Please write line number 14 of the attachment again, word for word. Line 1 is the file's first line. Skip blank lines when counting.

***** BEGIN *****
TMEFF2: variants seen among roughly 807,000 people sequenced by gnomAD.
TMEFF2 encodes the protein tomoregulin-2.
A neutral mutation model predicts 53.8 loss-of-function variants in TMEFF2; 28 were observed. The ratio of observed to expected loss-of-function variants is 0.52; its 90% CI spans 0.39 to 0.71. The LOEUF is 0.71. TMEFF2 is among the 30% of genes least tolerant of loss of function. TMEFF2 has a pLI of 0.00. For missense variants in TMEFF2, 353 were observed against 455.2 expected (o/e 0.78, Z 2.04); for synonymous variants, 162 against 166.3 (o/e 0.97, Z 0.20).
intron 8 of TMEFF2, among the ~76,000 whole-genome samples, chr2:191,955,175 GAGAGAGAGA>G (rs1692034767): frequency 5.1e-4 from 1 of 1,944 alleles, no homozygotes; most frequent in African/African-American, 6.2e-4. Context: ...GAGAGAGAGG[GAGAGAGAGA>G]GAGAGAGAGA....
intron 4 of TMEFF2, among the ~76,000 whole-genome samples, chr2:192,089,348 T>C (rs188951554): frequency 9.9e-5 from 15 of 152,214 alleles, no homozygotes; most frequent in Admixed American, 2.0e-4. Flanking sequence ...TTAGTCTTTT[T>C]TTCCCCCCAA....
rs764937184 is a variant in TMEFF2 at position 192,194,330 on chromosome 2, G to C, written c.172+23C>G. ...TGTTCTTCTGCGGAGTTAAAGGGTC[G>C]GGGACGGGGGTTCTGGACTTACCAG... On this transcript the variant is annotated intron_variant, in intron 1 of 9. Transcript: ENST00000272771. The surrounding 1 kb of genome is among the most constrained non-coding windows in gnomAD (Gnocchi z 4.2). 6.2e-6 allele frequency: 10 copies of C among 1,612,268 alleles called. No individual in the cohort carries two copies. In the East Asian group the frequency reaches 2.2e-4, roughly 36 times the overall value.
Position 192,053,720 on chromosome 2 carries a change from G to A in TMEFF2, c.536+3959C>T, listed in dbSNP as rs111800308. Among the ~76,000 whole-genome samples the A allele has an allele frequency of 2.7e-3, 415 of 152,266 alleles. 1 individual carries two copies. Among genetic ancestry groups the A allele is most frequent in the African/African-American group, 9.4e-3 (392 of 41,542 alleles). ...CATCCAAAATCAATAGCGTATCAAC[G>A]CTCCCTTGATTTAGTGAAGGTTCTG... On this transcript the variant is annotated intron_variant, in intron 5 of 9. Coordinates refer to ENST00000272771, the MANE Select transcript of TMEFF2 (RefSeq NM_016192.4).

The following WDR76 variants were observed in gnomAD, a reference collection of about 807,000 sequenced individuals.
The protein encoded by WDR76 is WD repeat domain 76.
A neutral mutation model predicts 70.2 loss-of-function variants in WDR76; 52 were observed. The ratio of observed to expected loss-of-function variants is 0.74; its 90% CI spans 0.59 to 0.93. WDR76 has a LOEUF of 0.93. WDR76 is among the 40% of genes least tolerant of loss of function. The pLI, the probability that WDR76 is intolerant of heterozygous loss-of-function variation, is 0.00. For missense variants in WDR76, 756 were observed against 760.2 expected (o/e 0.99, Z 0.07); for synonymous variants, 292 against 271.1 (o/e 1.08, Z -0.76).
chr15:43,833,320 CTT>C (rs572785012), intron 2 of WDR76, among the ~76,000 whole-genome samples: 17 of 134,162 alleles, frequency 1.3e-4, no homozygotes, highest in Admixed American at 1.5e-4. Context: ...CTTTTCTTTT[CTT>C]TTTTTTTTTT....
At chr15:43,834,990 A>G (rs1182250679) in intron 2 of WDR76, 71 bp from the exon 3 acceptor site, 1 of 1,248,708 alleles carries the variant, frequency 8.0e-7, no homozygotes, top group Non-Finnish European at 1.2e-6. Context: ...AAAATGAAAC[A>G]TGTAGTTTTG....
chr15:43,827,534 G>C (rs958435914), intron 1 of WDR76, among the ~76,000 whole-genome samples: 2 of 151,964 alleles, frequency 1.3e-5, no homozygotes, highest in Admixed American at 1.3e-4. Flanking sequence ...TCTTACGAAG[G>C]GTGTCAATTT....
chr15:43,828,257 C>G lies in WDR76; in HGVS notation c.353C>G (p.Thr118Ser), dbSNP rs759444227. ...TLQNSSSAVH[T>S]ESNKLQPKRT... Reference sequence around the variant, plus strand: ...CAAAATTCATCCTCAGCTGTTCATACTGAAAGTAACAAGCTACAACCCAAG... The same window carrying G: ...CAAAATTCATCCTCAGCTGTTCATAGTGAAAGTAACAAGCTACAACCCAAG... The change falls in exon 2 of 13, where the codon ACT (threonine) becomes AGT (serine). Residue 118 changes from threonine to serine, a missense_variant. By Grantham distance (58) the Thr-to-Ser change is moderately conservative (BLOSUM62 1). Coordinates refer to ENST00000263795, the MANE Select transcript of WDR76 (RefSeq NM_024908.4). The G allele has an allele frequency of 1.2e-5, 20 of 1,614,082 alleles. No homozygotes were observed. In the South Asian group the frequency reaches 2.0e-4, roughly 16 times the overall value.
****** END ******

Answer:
chr15:43,828,257 C>G lies in WDR76; in HGVS notation c.353C>G (p.Thr118Ser), dbSNP rs759444227. ...TLQNSSSAVH[T>S]ESNKLQPKRT... Reference sequence around the variant, plus strand: ...CAAAATTCATCCTCAGCTGTTCATACTGAAAGTAACAAGCTACAACCCAAG... The same window carrying G: ...CAAAATTCATCCTCAGCTGTTCATAGTGAAAGTAACAAGCTACAACCCAAG... The change falls in exon 2 of 13, where the codon ACT (threonine) becomes AGT (serine). Residue 118 changes from threonine to serine, a missense_variant. By Grantham distance (58) the Thr-to-Ser change is moderately conservative (BLOSUM62 1). Coordinates refer to ENST00000263795, the MANE Select transcript of WDR76 (RefSeq NM_024908.4). The G allele has an allele frequency of 1.2e-5, 20 of 1,614,082 alleles. No homozygotes were observed. In the South Asian group the frequency reaches 2.0e-4, roughly 16 times the overall value.